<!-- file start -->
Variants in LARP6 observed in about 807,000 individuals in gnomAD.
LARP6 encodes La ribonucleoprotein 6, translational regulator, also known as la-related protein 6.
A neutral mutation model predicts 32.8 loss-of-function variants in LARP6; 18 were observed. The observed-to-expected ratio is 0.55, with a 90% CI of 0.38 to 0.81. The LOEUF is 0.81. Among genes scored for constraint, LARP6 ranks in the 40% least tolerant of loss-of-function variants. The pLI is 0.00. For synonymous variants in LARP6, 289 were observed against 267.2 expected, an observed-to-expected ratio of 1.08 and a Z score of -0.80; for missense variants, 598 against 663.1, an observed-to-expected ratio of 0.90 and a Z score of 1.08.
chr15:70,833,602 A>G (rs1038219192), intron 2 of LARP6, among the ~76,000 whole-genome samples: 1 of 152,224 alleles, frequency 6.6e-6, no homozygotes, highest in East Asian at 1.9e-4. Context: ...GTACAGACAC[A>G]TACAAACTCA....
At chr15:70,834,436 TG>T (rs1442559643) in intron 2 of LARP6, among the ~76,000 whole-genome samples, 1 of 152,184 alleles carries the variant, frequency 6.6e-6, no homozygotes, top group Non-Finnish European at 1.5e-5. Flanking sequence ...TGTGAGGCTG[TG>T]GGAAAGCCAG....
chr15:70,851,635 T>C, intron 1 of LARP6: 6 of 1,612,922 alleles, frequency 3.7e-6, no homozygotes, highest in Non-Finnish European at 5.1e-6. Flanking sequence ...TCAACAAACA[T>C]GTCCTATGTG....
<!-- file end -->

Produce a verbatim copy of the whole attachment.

Variants in LARP6 observed in about 807,000 individuals in gnomAD.
LARP6 encodes La ribonucleoprotein 6, translational regulator, also known as la-related protein 6.
A neutral mutation model predicts 32.8 loss-of-function variants in LARP6; 18 were observed. The observed-to-expected ratio is 0.55, with a 90% CI of 0.38 to 0.81. The LOEUF is 0.81. Among genes scored for constraint, LARP6 ranks in the 40% least tolerant of loss-of-function variants. The pLI is 0.00. For synonymous variants in LARP6, 289 were observed against 267.2 expected, an observed-to-expected ratio of 1.08 and a Z score of -0.80; for missense variants, 598 against 663.1, an observed-to-expected ratio of 0.90 and a Z score of 1.08.
chr15:70,833,602 A>G (rs1038219192), intron 2 of LARP6, among the ~76,000 whole-genome samples: 1 of 152,224 alleles, frequency 6.6e-6, no homozygotes, highest in East Asian at 1.9e-4. Context: ...GTACAGACAC[A>G]TACAAACTCA....
At chr15:70,834,436 TG>T (rs1442559643) in intron 2 of LARP6, among the ~76,000 whole-genome samples, 1 of 152,184 alleles carries the variant, frequency 6.6e-6, no homozygotes, top group Non-Finnish European at 1.5e-5. Flanking sequence ...TGTGAGGCTG[TG>T]GGAAAGCCAG....
chr15:70,851,635 T>C, intron 1 of LARP6: 6 of 1,612,922 alleles, frequency 3.7e-6, no homozygotes, highest in Non-Finnish European at 5.1e-6. Flanking sequence ...TCAACAAACA[T>C]GTCCTATGTG....